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By Christian Charest | 04-25-2017

Wealthsimple re-launches RESP offerings

When it comes to registered accounts, should you stick to tradition or consider a robo-advisor?

Christian Charest: For Morningstar, I'm Christian Charest. Robo-advisors in Canada continue to fine-tune and expand their product lines beyond the basic RRSPs and nonregistered accounts and into more specialized products. I'm here today with Jason Goldlist, who is the general manager at Wealthsimple, which recently relaunched its Registered Education Savings Plan or RESP.

Jason, thank you very much for being with us today.

Jason Goldlist: Thanks for having me.

Charest: So, to start with, can you please tell us what's the main difference between investing in an RESP the traditional way, the way most people are used to, either through your bank or your discount broker, and doing it through a robo-advisor?

Goldlist: As you know, robo-advising is really all about simplifying the access to different types of accounts for clients. We do that through a couple of different ways, through offering mobile apps, web-based online sign-up that's entirely paperless. Now, if you've ever opened an RESP before, you know just how difficult it is to get this thing opened. There's tons of paperwork, tons of edge cases that need to be handled with, lots of back and forth with your fax machine or on the phone or in person with an advisor. So, what robo-advisors in the fintech industry are trying to do is really simplify this for all of Canadians. That's simplifying it with the fees, with bringing more transparency to the entire process, and of course, putting this process online, so it's entirely paperless.

Charest: Now, your press release that announced the launch said that your new app removes many of the frustrations Canadians have around RESP accounts. You've mentioned a few of those frustrations. How do they get fixed?

Goldlist: So, one of the things that we had the opportunity to do was to build our RESP system from the ground-up. So, traditionally, at most banks or financial institutions, this RESP system has been around for many years, which means that while it might have been built with the latest technology then, there's been a lot of movement in this space to allow for an easier process today.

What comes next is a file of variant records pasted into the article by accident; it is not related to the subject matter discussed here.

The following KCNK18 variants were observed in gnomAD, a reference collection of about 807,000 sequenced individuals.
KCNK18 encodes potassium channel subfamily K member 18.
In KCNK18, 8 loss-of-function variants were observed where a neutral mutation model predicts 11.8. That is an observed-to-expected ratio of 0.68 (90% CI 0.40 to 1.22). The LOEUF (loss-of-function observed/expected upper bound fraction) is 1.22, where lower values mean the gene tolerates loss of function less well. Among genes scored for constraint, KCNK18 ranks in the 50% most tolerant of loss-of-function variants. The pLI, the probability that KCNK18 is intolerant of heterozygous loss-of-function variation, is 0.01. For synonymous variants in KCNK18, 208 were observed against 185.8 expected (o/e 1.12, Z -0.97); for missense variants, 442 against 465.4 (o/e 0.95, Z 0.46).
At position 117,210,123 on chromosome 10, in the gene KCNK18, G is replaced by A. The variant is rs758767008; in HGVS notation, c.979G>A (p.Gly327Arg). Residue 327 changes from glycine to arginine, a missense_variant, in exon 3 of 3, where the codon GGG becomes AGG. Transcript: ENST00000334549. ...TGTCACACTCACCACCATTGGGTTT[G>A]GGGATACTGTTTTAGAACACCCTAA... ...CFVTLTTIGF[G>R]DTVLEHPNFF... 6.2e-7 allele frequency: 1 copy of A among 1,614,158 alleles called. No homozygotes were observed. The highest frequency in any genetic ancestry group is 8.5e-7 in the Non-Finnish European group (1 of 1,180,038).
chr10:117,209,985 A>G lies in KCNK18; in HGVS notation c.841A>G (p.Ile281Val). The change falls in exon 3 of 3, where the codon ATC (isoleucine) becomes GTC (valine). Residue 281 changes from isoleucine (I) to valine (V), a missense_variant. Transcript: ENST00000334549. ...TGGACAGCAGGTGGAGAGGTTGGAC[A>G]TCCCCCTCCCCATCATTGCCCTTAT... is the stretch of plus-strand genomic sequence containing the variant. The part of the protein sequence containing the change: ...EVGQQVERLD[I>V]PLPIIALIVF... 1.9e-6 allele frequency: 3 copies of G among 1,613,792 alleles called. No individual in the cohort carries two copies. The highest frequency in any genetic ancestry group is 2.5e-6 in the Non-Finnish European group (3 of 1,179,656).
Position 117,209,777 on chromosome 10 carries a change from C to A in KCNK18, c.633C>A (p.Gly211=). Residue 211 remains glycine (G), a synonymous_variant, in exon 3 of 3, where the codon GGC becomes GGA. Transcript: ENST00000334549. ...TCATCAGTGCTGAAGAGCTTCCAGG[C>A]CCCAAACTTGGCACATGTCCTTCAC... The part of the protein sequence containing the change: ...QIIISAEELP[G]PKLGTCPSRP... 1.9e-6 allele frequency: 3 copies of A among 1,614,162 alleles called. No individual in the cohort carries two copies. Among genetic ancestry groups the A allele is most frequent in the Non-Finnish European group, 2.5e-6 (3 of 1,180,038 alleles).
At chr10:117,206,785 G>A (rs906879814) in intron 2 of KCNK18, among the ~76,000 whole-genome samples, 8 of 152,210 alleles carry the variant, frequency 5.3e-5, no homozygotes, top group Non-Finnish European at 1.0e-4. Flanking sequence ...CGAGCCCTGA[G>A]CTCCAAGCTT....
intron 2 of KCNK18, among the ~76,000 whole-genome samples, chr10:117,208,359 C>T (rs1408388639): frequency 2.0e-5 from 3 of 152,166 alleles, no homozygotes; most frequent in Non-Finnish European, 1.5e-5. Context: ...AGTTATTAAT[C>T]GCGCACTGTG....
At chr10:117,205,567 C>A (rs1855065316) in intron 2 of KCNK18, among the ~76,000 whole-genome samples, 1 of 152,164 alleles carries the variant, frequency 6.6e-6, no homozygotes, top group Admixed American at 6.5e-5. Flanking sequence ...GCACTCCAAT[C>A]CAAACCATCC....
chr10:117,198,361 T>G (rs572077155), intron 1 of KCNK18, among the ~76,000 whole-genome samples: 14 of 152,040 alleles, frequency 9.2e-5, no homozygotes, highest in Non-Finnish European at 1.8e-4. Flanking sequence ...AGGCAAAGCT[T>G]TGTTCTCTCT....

So, a few examples, being able to customize exactly the information we request on a mobile phone or on a website to fill exactly the forms that are needed for the government, or for example, allowing people to easily sign up using their online banking credentials to link their bank accounts to make it simple to fund their RESP. So, this kind of technology that's available to us today was fully built into our RESP system.

Charest: Now, switching over to the portfolio itself, some of our viewers may be familiar with or may even already have an account with a robo-advisor such as Wealthsimple for an RRSP. How is the portfolio different for an RESP? Is there any way that the product is treated differently?

Goldlist: I think what's great at Wealthsimple is that we don't treat RESPs any differently than our other account types. So, it's the same paperless onboarding, it's the same low fees, it's actually the same exchange-traded fund portfolios that we're using in the TFSA or an RRSP, we're also using in an RESP. Now, there are a couple of differences when you're talking about an RESP account. One is, we'll ask for the beneficiary's information. So, typically, the child or the grandchild, to make sure the grants are going to the right place. And also, the product will be more tailored toward their lifetime. So, if they have a goal of going to school, for example, in 18 or 20 years, they'll be in a higher-risk portfolio than the parent who has maybe a shorter time horizon.

Charest: And do the portfolios get adjusted as you get closer to the target date? Do they switch over to a more conservative stance?

Goldlist: Ideally, a well-diversified portfolio would over time move to become a little bit more conservative and a little bit less risky closer and closer to the target date. Well, we don't offer the glide-path portfolios yet at Wealthsimple. It's something that would be ideally suited for RESPs and for many of our other account types. We are able to work together with each of our clients to make sure that the portfolio is always representing the beneficiary's target end date.

Charest: And what are the fees on the RESP product? Are they similar to what you offer on your other types of accounts?

Goldlist: It's great that at Wealthsimple they are similar to our other investment accounts which is our low fee of 0.5% for clients that have under $100,000 or 0.4% for clients that have over $100,000 with us, who we consider our Wealthsimple Black clients. Traditionally, RESPs are the more complicated and therefore more expensive account types at a lot of other financial institutions. And even if the fee appears to be lower, you can be sure that fee is being made up in the other products that people with RESPs are paying for.

So, for example, RESPs often have long lock-in periods where if you were to leave early, there is a stiff penalty. Or RESPs are often filled with mutual funds which could come with a high fee. So, what's great about Wealthsimple is we treat it exactly like our other account types which means there are no hidden fees, no lock-in periods and no minimums, just our one fee.

Charest: Jason, thank you very much for explaining all this to us today.

Goldlist: Thanks for having me.

Charest: For Morningstar, I'm Christian Charest. Thank you for watching.

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